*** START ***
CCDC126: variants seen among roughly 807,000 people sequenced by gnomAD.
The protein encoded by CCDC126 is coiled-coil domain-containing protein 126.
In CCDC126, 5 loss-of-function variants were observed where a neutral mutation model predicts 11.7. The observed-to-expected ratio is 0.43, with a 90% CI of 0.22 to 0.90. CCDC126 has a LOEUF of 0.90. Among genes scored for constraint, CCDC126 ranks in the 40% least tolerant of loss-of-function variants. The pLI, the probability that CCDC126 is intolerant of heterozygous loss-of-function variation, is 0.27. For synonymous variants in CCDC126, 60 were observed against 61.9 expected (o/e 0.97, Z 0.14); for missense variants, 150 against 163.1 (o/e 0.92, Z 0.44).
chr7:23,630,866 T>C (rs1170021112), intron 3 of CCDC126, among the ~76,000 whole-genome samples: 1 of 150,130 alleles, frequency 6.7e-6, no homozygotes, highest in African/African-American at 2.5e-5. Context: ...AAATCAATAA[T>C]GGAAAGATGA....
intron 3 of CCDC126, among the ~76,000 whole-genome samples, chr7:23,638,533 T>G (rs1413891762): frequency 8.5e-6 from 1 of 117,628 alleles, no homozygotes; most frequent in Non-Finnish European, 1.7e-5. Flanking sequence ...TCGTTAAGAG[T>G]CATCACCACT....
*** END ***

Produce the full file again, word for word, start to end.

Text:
CCDC126: variants seen among roughly 807,000 people sequenced by gnomAD.
The protein encoded by CCDC126 is coiled-coil domain-containing protein 126.
In CCDC126, 5 loss-of-function variants were observed where a neutral mutation model predicts 11.7. The observed-to-expected ratio is 0.43, with a 90% CI of 0.22 to 0.90. CCDC126 has a LOEUF of 0.90. Among genes scored for constraint, CCDC126 ranks in the 40% least tolerant of loss-of-function variants. The pLI, the probability that CCDC126 is intolerant of heterozygous loss-of-function variation, is 0.27. For synonymous variants in CCDC126, 60 were observed against 61.9 expected (o/e 0.97, Z 0.14); for missense variants, 150 against 163.1 (o/e 0.92, Z 0.44).
chr7:23,630,866 T>C (rs1170021112), intron 3 of CCDC126, among the ~76,000 whole-genome samples: 1 of 150,130 alleles, frequency 6.7e-6, no homozygotes, highest in African/African-American at 2.5e-5. Context: ...AAATCAATAA[T>C]GGAAAGATGA....
intron 3 of CCDC126, among the ~76,000 whole-genome samples, chr7:23,638,533 T>G (rs1413891762): frequency 8.5e-6 from 1 of 117,628 alleles, no homozygotes; most frequent in Non-Finnish European, 1.7e-5. Flanking sequence ...TCGTTAAGAG[T>G]CATCACCACT....